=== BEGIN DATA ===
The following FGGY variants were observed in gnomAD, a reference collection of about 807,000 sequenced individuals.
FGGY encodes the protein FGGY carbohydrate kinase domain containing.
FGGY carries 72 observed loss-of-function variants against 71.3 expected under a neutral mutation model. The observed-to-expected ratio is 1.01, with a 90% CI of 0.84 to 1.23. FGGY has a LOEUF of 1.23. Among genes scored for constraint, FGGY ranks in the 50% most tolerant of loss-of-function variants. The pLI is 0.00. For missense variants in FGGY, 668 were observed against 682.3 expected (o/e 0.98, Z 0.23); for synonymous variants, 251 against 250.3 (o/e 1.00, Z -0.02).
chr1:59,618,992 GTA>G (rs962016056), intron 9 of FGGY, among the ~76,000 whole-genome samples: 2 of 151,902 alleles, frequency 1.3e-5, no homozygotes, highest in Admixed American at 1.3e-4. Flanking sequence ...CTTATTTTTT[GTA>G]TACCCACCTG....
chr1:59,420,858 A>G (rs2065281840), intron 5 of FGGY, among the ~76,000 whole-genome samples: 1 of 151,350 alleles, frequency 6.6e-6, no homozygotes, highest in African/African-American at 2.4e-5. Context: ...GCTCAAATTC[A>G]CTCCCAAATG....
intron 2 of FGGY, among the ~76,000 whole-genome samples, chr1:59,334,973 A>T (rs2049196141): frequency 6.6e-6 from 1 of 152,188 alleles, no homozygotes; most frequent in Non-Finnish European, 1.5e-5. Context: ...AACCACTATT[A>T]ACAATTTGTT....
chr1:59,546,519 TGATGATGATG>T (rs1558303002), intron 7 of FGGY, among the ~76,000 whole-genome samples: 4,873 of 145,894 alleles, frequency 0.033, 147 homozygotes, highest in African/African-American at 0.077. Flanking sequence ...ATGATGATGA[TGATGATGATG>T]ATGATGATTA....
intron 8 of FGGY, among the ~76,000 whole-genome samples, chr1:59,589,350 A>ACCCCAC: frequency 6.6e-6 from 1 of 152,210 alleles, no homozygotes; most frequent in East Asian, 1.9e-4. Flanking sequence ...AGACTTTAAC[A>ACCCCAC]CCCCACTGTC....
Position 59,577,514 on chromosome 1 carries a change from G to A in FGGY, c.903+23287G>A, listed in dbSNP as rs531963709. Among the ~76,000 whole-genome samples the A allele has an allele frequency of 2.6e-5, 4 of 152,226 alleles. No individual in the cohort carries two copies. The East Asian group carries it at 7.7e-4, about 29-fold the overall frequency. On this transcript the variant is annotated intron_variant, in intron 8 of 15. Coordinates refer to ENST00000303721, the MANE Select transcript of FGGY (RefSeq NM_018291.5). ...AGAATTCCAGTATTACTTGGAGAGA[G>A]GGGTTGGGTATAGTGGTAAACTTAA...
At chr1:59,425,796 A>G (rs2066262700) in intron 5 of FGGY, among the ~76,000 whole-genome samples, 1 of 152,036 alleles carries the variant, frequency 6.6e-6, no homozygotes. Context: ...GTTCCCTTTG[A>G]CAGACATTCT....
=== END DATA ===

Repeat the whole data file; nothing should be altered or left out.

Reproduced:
The following FGGY variants were observed in gnomAD, a reference collection of about 807,000 sequenced individuals.
FGGY encodes the protein FGGY carbohydrate kinase domain containing.
FGGY carries 72 observed loss-of-function variants against 71.3 expected under a neutral mutation model. The observed-to-expected ratio is 1.01, with a 90% CI of 0.84 to 1.23. FGGY has a LOEUF of 1.23. Among genes scored for constraint, FGGY ranks in the 50% most tolerant of loss-of-function variants. The pLI is 0.00. For missense variants in FGGY, 668 were observed against 682.3 expected (o/e 0.98, Z 0.23); for synonymous variants, 251 against 250.3 (o/e 1.00, Z -0.02).
chr1:59,618,992 GTA>G (rs962016056), intron 9 of FGGY, among the ~76,000 whole-genome samples: 2 of 151,902 alleles, frequency 1.3e-5, no homozygotes, highest in Admixed American at 1.3e-4. Flanking sequence ...CTTATTTTTT[GTA>G]TACCCACCTG....
chr1:59,420,858 A>G (rs2065281840), intron 5 of FGGY, among the ~76,000 whole-genome samples: 1 of 151,350 alleles, frequency 6.6e-6, no homozygotes, highest in African/African-American at 2.4e-5. Context: ...GCTCAAATTC[A>G]CTCCCAAATG....
intron 2 of FGGY, among the ~76,000 whole-genome samples, chr1:59,334,973 A>T (rs2049196141): frequency 6.6e-6 from 1 of 152,188 alleles, no homozygotes; most frequent in Non-Finnish European, 1.5e-5. Context: ...AACCACTATT[A>T]ACAATTTGTT....
chr1:59,546,519 TGATGATGATG>T (rs1558303002), intron 7 of FGGY, among the ~76,000 whole-genome samples: 4,873 of 145,894 alleles, frequency 0.033, 147 homozygotes, highest in African/African-American at 0.077. Flanking sequence ...ATGATGATGA[TGATGATGATG>T]ATGATGATTA....
intron 8 of FGGY, among the ~76,000 whole-genome samples, chr1:59,589,350 A>ACCCCAC: frequency 6.6e-6 from 1 of 152,210 alleles, no homozygotes; most frequent in East Asian, 1.9e-4. Flanking sequence ...AGACTTTAAC[A>ACCCCAC]CCCCACTGTC....
Position 59,577,514 on chromosome 1 carries a change from G to A in FGGY, c.903+23287G>A, listed in dbSNP as rs531963709. Among the ~76,000 whole-genome samples the A allele has an allele frequency of 2.6e-5, 4 of 152,226 alleles. No individual in the cohort carries two copies. The East Asian group carries it at 7.7e-4, about 29-fold the overall frequency. On this transcript the variant is annotated intron_variant, in intron 8 of 15. Coordinates refer to ENST00000303721, the MANE Select transcript of FGGY (RefSeq NM_018291.5). ...AGAATTCCAGTATTACTTGGAGAGA[G>A]GGGTTGGGTATAGTGGTAAACTTAA...
At chr1:59,425,796 A>G (rs2066262700) in intron 5 of FGGY, among the ~76,000 whole-genome samples, 1 of 152,036 alleles carries the variant, frequency 6.6e-6, no homozygotes. Context: ...GTTCCCTTTG[A>G]CAGACATTCT....